Leverage, liquidity and long-run IPO returns
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It is well known that IPO stocks on average substantially underperform (over 3-5 years) non-IPO stocks matched on firm size. With a large sample of Nasdaq IPOs, this paper presents systematic evidence that IPO stocks are less risky than the size-matched firms and thus have lower expected return. We show that, in the years immediately following the issue, IPO stocks have lower leverage ratios and higher liquidity (turnover) than matched firms. A model with macroeconomic risk factors further reveals that IPO stocks have lower exposures than matched firms to leverage-related factors such as unexpected inflation and term-structure spreads. Moreover, when we introduce liquidity as a risk factor in a Fama-French type of model, we find that the liquidity factor also reduces expected returns to IPO stocks relative to matched firms. Controlling for risk using either factor model, we cannot reject the hypothesis of zero abnormal returns to IPO stocks.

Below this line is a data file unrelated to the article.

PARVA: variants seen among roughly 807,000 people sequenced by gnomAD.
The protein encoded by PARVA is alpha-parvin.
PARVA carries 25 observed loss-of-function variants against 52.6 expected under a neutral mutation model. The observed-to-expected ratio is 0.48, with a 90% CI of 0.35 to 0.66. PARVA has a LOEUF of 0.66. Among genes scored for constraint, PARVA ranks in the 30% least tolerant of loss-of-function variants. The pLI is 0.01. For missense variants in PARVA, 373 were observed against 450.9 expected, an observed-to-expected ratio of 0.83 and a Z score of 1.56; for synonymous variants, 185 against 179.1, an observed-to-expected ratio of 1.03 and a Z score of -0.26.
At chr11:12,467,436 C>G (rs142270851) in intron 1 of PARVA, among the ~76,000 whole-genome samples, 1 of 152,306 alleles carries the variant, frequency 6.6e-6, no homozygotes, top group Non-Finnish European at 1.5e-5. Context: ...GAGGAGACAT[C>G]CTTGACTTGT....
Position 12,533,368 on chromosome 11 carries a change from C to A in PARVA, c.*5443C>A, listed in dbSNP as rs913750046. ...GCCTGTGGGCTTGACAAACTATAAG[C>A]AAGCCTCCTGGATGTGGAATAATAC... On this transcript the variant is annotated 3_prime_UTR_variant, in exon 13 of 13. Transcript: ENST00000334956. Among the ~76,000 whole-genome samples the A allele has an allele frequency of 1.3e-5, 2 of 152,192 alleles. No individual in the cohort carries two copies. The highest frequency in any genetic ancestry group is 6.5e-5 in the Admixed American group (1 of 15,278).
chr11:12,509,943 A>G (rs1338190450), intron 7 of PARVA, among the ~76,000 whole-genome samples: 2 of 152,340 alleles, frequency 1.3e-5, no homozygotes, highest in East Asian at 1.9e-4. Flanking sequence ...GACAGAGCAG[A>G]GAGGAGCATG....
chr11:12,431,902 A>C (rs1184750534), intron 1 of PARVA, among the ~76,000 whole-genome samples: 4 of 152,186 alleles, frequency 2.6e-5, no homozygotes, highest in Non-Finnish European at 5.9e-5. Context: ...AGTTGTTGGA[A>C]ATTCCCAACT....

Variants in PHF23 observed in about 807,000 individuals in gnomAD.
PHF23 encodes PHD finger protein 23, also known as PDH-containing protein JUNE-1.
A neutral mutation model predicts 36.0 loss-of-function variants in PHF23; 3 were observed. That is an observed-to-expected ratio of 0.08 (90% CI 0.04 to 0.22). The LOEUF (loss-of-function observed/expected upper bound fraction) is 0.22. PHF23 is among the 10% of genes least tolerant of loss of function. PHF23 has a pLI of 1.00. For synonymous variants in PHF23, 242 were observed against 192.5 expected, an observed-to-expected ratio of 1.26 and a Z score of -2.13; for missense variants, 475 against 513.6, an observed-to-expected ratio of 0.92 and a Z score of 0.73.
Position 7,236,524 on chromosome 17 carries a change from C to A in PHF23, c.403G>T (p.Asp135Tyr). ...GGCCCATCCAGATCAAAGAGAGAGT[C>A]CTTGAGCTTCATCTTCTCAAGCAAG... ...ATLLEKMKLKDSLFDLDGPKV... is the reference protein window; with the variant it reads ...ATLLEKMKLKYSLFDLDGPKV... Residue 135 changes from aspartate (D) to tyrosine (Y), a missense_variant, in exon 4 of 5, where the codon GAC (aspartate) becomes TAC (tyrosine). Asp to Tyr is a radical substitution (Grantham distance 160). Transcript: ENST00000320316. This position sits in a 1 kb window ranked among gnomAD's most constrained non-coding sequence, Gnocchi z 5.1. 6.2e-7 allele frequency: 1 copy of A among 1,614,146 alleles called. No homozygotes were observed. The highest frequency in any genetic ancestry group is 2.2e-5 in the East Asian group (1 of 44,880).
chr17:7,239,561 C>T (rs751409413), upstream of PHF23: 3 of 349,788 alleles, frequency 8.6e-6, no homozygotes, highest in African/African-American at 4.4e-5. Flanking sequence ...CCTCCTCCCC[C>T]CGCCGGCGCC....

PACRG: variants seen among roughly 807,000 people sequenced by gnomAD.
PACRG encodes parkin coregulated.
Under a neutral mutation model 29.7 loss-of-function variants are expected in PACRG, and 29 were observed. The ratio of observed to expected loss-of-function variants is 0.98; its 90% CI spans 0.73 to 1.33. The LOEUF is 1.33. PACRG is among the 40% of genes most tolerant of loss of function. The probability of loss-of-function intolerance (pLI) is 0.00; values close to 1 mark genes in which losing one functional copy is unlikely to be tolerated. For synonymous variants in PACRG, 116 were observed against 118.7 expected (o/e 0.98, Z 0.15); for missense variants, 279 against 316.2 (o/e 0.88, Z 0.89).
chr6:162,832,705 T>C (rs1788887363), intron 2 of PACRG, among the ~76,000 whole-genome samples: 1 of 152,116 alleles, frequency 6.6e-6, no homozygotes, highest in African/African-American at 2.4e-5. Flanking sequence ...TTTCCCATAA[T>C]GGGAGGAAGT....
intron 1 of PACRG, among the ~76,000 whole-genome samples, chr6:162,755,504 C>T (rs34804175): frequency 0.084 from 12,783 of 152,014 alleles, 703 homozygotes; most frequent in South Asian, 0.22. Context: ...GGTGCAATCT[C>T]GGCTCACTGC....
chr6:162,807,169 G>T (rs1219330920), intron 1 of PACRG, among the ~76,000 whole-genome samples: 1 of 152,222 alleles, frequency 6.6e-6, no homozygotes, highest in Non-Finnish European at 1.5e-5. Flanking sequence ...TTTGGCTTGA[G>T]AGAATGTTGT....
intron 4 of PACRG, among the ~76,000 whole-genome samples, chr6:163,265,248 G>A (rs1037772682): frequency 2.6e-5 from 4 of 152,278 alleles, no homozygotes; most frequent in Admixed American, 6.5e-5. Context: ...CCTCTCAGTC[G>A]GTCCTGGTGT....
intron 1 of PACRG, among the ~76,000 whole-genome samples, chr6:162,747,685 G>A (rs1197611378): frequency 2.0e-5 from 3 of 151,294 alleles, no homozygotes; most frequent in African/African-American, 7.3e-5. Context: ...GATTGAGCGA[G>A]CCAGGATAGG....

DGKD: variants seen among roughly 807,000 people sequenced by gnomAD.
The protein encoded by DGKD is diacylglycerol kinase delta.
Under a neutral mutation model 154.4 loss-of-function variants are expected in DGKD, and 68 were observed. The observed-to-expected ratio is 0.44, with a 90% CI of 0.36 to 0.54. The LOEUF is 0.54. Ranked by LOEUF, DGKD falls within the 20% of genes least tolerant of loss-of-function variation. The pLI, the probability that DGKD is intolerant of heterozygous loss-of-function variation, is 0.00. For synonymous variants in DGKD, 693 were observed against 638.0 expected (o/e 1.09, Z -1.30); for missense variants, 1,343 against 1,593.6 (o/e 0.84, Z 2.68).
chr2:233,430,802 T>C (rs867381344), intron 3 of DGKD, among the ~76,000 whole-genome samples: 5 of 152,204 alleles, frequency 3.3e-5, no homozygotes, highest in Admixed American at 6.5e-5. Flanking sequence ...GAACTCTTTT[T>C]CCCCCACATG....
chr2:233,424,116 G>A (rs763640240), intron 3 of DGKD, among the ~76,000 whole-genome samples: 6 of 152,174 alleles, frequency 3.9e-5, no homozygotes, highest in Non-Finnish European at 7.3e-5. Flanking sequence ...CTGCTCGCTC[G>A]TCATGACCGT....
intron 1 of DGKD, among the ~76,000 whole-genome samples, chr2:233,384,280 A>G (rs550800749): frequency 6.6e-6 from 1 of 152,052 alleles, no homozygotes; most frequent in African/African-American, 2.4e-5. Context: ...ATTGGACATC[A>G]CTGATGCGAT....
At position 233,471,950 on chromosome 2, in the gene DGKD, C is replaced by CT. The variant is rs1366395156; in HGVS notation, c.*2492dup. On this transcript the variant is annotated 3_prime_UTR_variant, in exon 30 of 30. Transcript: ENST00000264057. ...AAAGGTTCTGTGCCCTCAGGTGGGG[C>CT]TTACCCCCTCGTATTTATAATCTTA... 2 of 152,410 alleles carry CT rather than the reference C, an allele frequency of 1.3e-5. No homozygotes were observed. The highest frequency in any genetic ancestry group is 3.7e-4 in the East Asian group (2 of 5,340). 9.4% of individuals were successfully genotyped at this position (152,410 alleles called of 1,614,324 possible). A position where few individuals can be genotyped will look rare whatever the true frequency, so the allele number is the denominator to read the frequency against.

UtgiverNorwegian School of Economics and Business Administration. Department of Finance and Management Science